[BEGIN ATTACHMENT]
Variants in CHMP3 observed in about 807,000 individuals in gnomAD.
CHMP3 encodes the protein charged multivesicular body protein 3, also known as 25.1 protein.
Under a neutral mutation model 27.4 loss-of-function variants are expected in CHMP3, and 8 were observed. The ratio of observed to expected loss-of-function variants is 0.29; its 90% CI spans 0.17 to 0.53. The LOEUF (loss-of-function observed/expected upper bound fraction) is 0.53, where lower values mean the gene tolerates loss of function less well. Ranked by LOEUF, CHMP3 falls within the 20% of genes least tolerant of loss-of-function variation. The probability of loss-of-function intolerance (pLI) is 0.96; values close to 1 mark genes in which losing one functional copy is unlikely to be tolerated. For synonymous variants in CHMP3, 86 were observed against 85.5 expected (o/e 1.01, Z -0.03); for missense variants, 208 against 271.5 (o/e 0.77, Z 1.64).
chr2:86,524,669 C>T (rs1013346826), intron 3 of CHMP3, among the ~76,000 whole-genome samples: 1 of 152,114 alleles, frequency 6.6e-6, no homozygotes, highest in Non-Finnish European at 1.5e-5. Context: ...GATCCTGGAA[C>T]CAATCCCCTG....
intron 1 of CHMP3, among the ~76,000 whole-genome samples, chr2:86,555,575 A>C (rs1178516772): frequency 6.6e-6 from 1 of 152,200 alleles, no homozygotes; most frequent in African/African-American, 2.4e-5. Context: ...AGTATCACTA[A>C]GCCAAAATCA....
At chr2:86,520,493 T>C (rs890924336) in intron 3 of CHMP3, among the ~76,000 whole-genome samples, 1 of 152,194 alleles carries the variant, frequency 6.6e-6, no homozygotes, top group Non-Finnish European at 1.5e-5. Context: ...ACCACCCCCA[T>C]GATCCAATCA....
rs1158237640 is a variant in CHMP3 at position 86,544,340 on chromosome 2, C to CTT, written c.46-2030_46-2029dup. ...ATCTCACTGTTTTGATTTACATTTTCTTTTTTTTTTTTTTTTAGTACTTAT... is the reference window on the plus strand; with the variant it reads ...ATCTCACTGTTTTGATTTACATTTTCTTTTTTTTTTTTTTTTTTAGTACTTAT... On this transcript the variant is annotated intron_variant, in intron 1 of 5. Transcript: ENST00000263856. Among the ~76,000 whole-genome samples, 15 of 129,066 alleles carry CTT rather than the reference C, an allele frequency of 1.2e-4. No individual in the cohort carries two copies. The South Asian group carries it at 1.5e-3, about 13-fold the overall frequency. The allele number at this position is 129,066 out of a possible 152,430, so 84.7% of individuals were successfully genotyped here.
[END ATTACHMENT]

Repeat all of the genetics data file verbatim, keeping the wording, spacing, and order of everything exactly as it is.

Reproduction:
Variants in CHMP3 observed in about 807,000 individuals in gnomAD.
CHMP3 encodes the protein charged multivesicular body protein 3, also known as 25.1 protein.
Under a neutral mutation model 27.4 loss-of-function variants are expected in CHMP3, and 8 were observed. The ratio of observed to expected loss-of-function variants is 0.29; its 90% CI spans 0.17 to 0.53. The LOEUF (loss-of-function observed/expected upper bound fraction) is 0.53, where lower values mean the gene tolerates loss of function less well. Ranked by LOEUF, CHMP3 falls within the 20% of genes least tolerant of loss-of-function variation. The probability of loss-of-function intolerance (pLI) is 0.96; values close to 1 mark genes in which losing one functional copy is unlikely to be tolerated. For synonymous variants in CHMP3, 86 were observed against 85.5 expected (o/e 1.01, Z -0.03); for missense variants, 208 against 271.5 (o/e 0.77, Z 1.64).
chr2:86,524,669 C>T (rs1013346826), intron 3 of CHMP3, among the ~76,000 whole-genome samples: 1 of 152,114 alleles, frequency 6.6e-6, no homozygotes, highest in Non-Finnish European at 1.5e-5. Context: ...GATCCTGGAA[C>T]CAATCCCCTG....
intron 1 of CHMP3, among the ~76,000 whole-genome samples, chr2:86,555,575 A>C (rs1178516772): frequency 6.6e-6 from 1 of 152,200 alleles, no homozygotes; most frequent in African/African-American, 2.4e-5. Context: ...AGTATCACTA[A>C]GCCAAAATCA....
At chr2:86,520,493 T>C (rs890924336) in intron 3 of CHMP3, among the ~76,000 whole-genome samples, 1 of 152,194 alleles carries the variant, frequency 6.6e-6, no homozygotes, top group Non-Finnish European at 1.5e-5. Context: ...ACCACCCCCA[T>C]GATCCAATCA....
rs1158237640 is a variant in CHMP3 at position 86,544,340 on chromosome 2, C to CTT, written c.46-2030_46-2029dup. ...ATCTCACTGTTTTGATTTACATTTTCTTTTTTTTTTTTTTTTAGTACTTAT... is the reference window on the plus strand; with the variant it reads ...ATCTCACTGTTTTGATTTACATTTTCTTTTTTTTTTTTTTTTTTAGTACTTAT... On this transcript the variant is annotated intron_variant, in intron 1 of 5. Transcript: ENST00000263856. Among the ~76,000 whole-genome samples, 15 of 129,066 alleles carry CTT rather than the reference C, an allele frequency of 1.2e-4. No individual in the cohort carries two copies. The South Asian group carries it at 1.5e-3, about 13-fold the overall frequency. The allele number at this position is 129,066 out of a possible 152,430, so 84.7% of individuals were successfully genotyped here.